46. Pärt T, Wretenberg J (2002) Do artificial nests reveal relative nest predation risk for real nests? J Avian Biol 33:39–46CrossRefGoogle Scholar
  47. Pinheiro JC, Bates DM (2000) Mixed-effects models in S and S-PLUS. Springer, New YorkGoogle Scholar
  48. Rangen SA, Clark RG, Hobson KA (2000) Visual and olfactory attributes of artificial nests. Auk 117:136–146CrossRefGoogle Scholar
  49. Ricklefs RE (1969) The nesting cycle of songbirds in tropical and temperate regions. Living Bird 8:165–175Google Scholar
  50. Robinson D (1990) The nesting ecology of sympatric Scarlet Robin Petroica multicolor and Flame Robin P. phoenicea in open eucalyptus forest. Emu 90:40–52CrossRefGoogle Scholar
  51. Robinson WD, Robinson TR, Robinson SK, Brawn JD (2000) Nesting success of understory forest birds in central Panama. J Avian Biol 31:151–164CrossRefGoogle Scholar
  52. Roper JJ (1992) Nest predation experiments with quail eggs: too much to swallow? Oikos 65:528–530CrossRefGoogle Scholar
  53. Roper JJ (2003) Nest-sites influence nest predation differently at natural and experimental nests. Orn Neotrop 14:1–14Google Scholar
  54. Savidge JA, Seibert TF (1988) An infrared trigger and camera to identify predators at artificial nests. J Wildl Manage 52:291–294CrossRefGoogle Scholar
  55. Semenuik V (1985) Mangrove environments of Port Darwin, Northern Territory: the physical framework and habitats. J R Soc West Aust 67:81–97Google Scholar
  56. Shine R (1991) Australian snakes: a natural history. Reed Books, Balgowlah, NSW, AustraliaGoogle Scholar
  57. Skutch AF (1966) A breeding bird census and nesting success in Central America. Ibis 108:1–16CrossRefGoogle Scholar
  58. Slagsvold T (1982) Clutch size variation in tropical birds: the nest predation hypothesis. Oecologia 54:159–169CrossRefGoogle Scholar
  59. Söderström B (1999) Artificial nest predation rates in tropical and temperate forests: a review of the effects of edge and nest site. Ecography 22:455–463CrossRefGoogle Scholar
  60. Stutchbury BJM, Morton ES (2001) Behavioural ecology of tropical birds. Academic, San Diego, CAGoogle Scholar
  61. Taylor JA, Tulloch D (1985) Rainfall in the wet-dry tropics: extreme events at Darwin and similarities between years during period, 1870–1983 inclusive. Aust J Ecol 10:281–295CrossRefGoogle Scholar
  62. Taylor LNH, Ford HA (1998) Predation of artificial nests in a fragmented landscape on the New England Tablelands of New South Wales. Wildl Res 25:587–594CrossRefGoogle Scholar
  63. Weidinger K (2002) Interactive effects of concealment, parental behaviour and predators on the survival of open passerine nests. J Anim Ecol 71:424–437CrossRefGoogle Scholar
  64. Whelan CJ, Dilger ML, Robson D, Hallyn N, Dilger S (1994) Effects of olfactory cues on artificial-nest experiments. Auk 111:945–952Google Scholar
  65. Wightman GM (1989) Mangroves of the Northern Territory. Conservation Commission of the Northern Territory, Darwin, AustraliaGoogle Scholar
  66. Willebrand T, Marcström V (1988) On the danger of using dummy nests to study predation. Auk 105:378–379Google Scholar
  67. Wilson BA, Bowman DMJS (1987) Fire, storm, flood and drought: the vegetation ecology of Howard’s Peninsula, Northern Territory, Australia. Aust J Ecol 12:165–174CrossRefGoogle Scholar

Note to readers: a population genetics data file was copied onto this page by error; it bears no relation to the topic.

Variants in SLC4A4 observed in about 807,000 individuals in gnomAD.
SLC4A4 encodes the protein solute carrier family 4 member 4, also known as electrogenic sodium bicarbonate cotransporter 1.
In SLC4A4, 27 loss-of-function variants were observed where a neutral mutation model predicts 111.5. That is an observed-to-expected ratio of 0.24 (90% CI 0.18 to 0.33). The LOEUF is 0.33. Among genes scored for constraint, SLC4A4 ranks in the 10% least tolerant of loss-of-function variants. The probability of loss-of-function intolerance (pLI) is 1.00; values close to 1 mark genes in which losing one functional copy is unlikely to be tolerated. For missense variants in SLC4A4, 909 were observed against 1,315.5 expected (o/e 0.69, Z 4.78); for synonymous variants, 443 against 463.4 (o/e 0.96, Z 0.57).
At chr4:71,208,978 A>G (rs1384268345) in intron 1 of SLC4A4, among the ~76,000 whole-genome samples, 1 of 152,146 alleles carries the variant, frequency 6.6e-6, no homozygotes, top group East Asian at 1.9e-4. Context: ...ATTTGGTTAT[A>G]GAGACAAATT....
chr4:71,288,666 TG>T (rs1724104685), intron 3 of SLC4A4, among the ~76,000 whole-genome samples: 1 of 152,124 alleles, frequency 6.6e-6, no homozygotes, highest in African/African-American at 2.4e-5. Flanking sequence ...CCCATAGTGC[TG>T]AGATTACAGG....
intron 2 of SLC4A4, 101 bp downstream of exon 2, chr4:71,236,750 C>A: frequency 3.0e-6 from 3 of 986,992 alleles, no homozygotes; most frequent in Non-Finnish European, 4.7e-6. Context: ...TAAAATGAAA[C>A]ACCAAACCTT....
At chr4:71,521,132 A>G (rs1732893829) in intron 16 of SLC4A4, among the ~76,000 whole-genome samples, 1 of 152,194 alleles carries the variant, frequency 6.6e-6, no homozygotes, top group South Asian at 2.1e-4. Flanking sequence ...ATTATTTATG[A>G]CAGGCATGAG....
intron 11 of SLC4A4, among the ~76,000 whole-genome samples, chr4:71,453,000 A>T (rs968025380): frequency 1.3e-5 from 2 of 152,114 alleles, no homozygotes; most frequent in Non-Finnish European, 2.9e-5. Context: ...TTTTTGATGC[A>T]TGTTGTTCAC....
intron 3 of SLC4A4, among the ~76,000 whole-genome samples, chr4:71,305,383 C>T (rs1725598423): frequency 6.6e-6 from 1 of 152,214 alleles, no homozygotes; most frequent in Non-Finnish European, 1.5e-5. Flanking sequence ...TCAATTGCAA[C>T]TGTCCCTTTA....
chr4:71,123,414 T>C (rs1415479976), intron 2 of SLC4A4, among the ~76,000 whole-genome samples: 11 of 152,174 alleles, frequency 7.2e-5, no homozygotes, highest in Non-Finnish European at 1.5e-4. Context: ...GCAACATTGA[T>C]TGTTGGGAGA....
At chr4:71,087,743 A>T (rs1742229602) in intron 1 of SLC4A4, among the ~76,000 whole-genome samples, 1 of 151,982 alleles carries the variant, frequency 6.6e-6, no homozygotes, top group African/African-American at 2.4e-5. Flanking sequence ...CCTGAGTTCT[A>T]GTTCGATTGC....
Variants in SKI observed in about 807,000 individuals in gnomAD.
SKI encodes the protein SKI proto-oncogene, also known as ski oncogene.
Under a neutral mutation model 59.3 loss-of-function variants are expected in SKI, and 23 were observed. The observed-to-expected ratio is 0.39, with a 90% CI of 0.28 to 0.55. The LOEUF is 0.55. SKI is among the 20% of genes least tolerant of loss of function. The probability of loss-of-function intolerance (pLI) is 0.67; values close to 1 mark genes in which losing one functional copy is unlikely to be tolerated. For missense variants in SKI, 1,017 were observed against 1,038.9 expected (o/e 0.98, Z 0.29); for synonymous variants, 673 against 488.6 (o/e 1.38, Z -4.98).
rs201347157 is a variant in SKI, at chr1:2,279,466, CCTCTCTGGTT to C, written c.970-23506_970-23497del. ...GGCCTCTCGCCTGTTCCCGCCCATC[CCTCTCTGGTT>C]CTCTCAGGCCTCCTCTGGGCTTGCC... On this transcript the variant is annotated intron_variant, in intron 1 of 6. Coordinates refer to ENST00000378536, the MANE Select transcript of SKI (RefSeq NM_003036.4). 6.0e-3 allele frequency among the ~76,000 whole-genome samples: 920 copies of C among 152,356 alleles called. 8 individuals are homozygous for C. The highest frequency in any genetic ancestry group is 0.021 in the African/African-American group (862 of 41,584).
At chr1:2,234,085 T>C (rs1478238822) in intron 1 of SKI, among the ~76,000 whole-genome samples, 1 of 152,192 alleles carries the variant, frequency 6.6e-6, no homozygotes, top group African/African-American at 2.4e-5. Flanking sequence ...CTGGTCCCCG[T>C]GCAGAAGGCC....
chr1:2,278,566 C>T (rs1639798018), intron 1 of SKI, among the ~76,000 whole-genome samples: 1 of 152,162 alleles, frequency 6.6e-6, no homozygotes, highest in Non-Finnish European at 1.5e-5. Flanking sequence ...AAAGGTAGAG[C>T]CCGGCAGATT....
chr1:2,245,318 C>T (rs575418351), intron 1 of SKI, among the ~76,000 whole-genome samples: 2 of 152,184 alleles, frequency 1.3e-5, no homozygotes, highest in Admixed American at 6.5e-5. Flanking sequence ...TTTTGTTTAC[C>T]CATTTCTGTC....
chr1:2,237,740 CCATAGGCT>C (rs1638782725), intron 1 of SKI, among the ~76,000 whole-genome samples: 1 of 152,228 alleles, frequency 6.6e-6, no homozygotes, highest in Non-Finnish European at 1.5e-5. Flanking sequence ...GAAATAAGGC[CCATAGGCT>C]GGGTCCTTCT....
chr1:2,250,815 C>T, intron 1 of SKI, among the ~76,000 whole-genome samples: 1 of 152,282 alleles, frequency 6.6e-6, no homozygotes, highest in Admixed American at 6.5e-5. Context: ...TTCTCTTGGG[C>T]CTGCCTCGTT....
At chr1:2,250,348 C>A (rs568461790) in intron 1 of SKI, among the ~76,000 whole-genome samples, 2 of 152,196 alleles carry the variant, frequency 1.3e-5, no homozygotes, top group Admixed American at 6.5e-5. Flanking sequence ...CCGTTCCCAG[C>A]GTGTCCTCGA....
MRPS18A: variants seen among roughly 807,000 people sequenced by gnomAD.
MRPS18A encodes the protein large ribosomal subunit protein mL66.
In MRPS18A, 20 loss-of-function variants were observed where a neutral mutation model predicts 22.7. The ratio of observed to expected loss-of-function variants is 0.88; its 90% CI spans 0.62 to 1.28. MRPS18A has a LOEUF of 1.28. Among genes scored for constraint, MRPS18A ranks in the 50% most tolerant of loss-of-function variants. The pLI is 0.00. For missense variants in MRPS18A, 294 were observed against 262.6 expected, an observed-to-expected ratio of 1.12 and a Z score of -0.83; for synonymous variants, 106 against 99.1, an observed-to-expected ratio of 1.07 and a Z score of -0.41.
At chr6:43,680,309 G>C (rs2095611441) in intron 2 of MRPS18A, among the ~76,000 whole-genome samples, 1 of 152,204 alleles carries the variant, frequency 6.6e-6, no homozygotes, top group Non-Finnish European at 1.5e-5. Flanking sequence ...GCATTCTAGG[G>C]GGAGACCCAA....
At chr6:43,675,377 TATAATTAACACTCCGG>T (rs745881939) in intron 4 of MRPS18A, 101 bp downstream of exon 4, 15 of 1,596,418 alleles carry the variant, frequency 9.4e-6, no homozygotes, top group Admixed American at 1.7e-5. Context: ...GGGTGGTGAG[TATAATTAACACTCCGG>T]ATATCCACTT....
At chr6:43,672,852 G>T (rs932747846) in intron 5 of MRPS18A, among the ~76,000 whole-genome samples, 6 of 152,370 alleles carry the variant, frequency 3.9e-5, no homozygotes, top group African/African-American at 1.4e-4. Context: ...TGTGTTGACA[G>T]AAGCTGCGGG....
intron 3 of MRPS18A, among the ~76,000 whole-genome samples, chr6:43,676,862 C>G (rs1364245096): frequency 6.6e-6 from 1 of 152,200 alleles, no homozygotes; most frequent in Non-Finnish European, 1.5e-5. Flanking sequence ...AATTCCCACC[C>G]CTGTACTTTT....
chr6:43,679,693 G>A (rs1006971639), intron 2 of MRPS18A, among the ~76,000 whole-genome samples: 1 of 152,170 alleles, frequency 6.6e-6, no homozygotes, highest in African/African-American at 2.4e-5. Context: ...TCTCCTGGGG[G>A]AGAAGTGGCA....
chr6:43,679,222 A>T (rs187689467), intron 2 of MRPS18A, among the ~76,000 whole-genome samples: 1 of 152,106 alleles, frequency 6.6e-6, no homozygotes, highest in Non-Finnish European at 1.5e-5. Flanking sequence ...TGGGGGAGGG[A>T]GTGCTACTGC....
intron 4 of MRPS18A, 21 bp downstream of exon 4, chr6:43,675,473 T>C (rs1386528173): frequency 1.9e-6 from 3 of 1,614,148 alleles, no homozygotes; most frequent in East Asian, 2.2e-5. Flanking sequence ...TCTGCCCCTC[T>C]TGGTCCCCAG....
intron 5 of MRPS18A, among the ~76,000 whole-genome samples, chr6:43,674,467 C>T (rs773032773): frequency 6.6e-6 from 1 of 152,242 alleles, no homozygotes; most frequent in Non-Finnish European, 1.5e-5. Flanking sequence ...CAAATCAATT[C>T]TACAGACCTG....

68. Wilson BA, Brocklehurst PS, Clark MJ, Dickinson KJM (1990) Vegetation survey of the Northern Territory, Australia. Technical report No. 49. Conservation Commission of the Northern Territory, Darwin, AustraliaGoogle Scholar
  69. Wilson GR, Brittingham MC, Goodrich LJ (1998) How well do artificial nests estimate success of real nests? Condor 100:357–364CrossRefGoogle Scholar
  70. Woinarski JCZ, Tidemann SC, Kerin S (1988) Birds in a tropical mosaic: the distribution of bird species in relation to vegetation patterns. Aust Wildl Res 15:171–196CrossRefGoogle Scholar
  71. Yahner RH, Morrell TE, Rachael JS (1989) Effects of edge contrast on depredation of artificial avian nests. J Wildl Manage 53:1135–1138CrossRefGoogle Scholar
  72. Zanette L (2002) What do artificial nests tell us about nest predation? Biol Conserv 103:323–329CrossRefGoogle Scholar
  73. Zanette L, Jenkins B (2000) Nesting success and nest predators in forest fragments: a study using real and artificial nests. Auk 117:445–454CrossRefGoogle Scholar
  74. Zimmermann UM (1996) Ecology of the monsoon-rainforest endemic Rainbow Pitta Pitta iris. Ph.D. thesis, Northern Territory University, DarwinGoogle Scholar
  75. Zimmermann UM, Noske RA (2003) Breeding biology of the rainbow pitta Pitta iris, a species endemic to Australian monsoon-tropical rainforests. Emu 103:245–254CrossRefGoogle Scholar

Copyright information

© The Ecological Society of Japan 2007

Authors and Affiliations

  • Richard A. Noske
    • 1
  • Sarah Fischer
    • 1
  • Barry W. Brook
    • 2
    • 3
  1. 1.School of Science and Primary IndustriesCharles Darwin UniversityDarwinAustralia
  2. 2.Key Centre for Tropical Wildlife Management, School of Environmental ResearchCharles Darwin UniversityDarwinAustralia
  3. 3.Research Institute for Climate Change and Sustainability, School of Earth and Environmental SciencesUniversity of AdelaideAdelaideAustralia

Personalised recommendations